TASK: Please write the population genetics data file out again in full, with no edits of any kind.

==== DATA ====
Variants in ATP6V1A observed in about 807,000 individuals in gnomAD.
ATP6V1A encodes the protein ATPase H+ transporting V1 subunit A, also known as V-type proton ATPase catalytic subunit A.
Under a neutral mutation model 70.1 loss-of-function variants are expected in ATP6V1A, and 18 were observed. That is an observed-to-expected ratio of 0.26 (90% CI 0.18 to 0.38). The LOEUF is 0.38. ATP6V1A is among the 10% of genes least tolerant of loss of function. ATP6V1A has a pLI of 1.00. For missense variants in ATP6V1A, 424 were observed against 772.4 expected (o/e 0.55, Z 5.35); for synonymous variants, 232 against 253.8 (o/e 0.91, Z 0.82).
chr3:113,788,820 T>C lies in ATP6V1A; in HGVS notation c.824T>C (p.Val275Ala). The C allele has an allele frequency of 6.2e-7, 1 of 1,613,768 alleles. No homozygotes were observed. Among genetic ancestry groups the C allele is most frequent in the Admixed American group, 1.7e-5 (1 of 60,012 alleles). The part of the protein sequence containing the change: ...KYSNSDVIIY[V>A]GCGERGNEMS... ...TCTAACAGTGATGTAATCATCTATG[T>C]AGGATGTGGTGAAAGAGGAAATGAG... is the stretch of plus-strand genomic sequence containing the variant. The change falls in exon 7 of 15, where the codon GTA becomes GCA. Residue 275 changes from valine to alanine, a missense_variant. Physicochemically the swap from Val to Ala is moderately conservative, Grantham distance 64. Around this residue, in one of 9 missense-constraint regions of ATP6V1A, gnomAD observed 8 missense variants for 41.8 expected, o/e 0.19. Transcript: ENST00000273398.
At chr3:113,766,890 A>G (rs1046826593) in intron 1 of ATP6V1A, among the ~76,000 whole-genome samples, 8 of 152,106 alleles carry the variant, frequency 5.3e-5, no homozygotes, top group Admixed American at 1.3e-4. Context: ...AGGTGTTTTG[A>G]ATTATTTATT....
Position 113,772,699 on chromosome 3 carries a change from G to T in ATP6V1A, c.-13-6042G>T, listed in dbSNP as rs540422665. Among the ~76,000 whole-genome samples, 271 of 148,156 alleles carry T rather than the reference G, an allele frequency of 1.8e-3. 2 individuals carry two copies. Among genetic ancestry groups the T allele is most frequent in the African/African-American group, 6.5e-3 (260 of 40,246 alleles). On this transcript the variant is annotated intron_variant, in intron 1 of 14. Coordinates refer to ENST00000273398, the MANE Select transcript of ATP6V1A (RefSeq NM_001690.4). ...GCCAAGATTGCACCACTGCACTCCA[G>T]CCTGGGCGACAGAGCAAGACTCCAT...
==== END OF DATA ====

Variants in ATP6V1A observed in about 807,000 individuals in gnomAD.
ATP6V1A encodes the protein ATPase H+ transporting V1 subunit A, also known as V-type proton ATPase catalytic subunit A.
Under a neutral mutation model 70.1 loss-of-function variants are expected in ATP6V1A, and 18 were observed. That is an observed-to-expected ratio of 0.26 (90% CI 0.18 to 0.38). The LOEUF is 0.38. ATP6V1A is among the 10% of genes least tolerant of loss of function. ATP6V1A has a pLI of 1.00. For missense variants in ATP6V1A, 424 were observed against 772.4 expected (o/e 0.55, Z 5.35); for synonymous variants, 232 against 253.8 (o/e 0.91, Z 0.82).
chr3:113,788,820 T>C lies in ATP6V1A; in HGVS notation c.824T>C (p.Val275Ala). The C allele has an allele frequency of 6.2e-7, 1 of 1,613,768 alleles. No homozygotes were observed. Among genetic ancestry groups the C allele is most frequent in the Admixed American group, 1.7e-5 (1 of 60,012 alleles). The part of the protein sequence containing the change: ...KYSNSDVIIY[V>A]GCGERGNEMS... ...TCTAACAGTGATGTAATCATCTATG[T>C]AGGATGTGGTGAAAGAGGAAATGAG... is the stretch of plus-strand genomic sequence containing the variant. The change falls in exon 7 of 15, where the codon GTA becomes GCA. Residue 275 changes from valine to alanine, a missense_variant. Physicochemically the swap from Val to Ala is moderately conservative, Grantham distance 64. Around this residue, in one of 9 missense-constraint regions of ATP6V1A, gnomAD observed 8 missense variants for 41.8 expected, o/e 0.19. Transcript: ENST00000273398.
At chr3:113,766,890 A>G (rs1046826593) in intron 1 of ATP6V1A, among the ~76,000 whole-genome samples, 8 of 152,106 alleles carry the variant, frequency 5.3e-5, no homozygotes, top group Admixed American at 1.3e-4. Context: ...AGGTGTTTTG[A>G]ATTATTTATT....
Position 113,772,699 on chromosome 3 carries a change from G to T in ATP6V1A, c.-13-6042G>T, listed in dbSNP as rs540422665. Among the ~76,000 whole-genome samples, 271 of 148,156 alleles carry T rather than the reference G, an allele frequency of 1.8e-3. 2 individuals carry two copies. Among genetic ancestry groups the T allele is most frequent in the African/African-American group, 6.5e-3 (260 of 40,246 alleles). On this transcript the variant is annotated intron_variant, in intron 1 of 14. Coordinates refer to ENST00000273398, the MANE Select transcript of ATP6V1A (RefSeq NM_001690.4). ...GCCAAGATTGCACCACTGCACTCCA[G>T]CCTGGGCGACAGAGCAAGACTCCAT...